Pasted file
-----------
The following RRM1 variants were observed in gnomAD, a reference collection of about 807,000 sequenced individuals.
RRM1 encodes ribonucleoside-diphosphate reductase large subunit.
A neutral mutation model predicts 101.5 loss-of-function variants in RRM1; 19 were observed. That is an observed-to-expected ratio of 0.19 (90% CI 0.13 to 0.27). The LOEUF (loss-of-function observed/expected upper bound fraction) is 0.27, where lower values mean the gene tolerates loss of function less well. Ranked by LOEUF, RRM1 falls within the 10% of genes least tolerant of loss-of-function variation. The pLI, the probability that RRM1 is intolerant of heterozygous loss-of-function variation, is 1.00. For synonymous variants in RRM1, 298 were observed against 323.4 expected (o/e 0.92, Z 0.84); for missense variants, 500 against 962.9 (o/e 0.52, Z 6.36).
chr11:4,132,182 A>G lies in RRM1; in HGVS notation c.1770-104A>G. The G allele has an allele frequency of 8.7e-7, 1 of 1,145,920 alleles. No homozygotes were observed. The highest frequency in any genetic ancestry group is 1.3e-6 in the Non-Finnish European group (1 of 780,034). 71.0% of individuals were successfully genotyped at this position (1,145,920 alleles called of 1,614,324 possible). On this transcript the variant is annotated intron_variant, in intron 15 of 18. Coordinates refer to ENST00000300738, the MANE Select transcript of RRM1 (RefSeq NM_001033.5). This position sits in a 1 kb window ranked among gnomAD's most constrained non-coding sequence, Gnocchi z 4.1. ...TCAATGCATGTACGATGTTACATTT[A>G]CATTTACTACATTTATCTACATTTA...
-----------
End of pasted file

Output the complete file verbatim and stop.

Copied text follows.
The following RRM1 variants were observed in gnomAD, a reference collection of about 807,000 sequenced individuals.
RRM1 encodes ribonucleoside-diphosphate reductase large subunit.
A neutral mutation model predicts 101.5 loss-of-function variants in RRM1; 19 were observed. That is an observed-to-expected ratio of 0.19 (90% CI 0.13 to 0.27). The LOEUF (loss-of-function observed/expected upper bound fraction) is 0.27, where lower values mean the gene tolerates loss of function less well. Ranked by LOEUF, RRM1 falls within the 10% of genes least tolerant of loss-of-function variation. The pLI, the probability that RRM1 is intolerant of heterozygous loss-of-function variation, is 1.00. For synonymous variants in RRM1, 298 were observed against 323.4 expected (o/e 0.92, Z 0.84); for missense variants, 500 against 962.9 (o/e 0.52, Z 6.36).
chr11:4,132,182 A>G lies in RRM1; in HGVS notation c.1770-104A>G. The G allele has an allele frequency of 8.7e-7, 1 of 1,145,920 alleles. No homozygotes were observed. The highest frequency in any genetic ancestry group is 1.3e-6 in the Non-Finnish European group (1 of 780,034). 71.0% of individuals were successfully genotyped at this position (1,145,920 alleles called of 1,614,324 possible). On this transcript the variant is annotated intron_variant, in intron 15 of 18. Coordinates refer to ENST00000300738, the MANE Select transcript of RRM1 (RefSeq NM_001033.5). This position sits in a 1 kb window ranked among gnomAD's most constrained non-coding sequence, Gnocchi z 4.1. ...TCAATGCATGTACGATGTTACATTT[A>G]CATTTACTACATTTATCTACATTTA...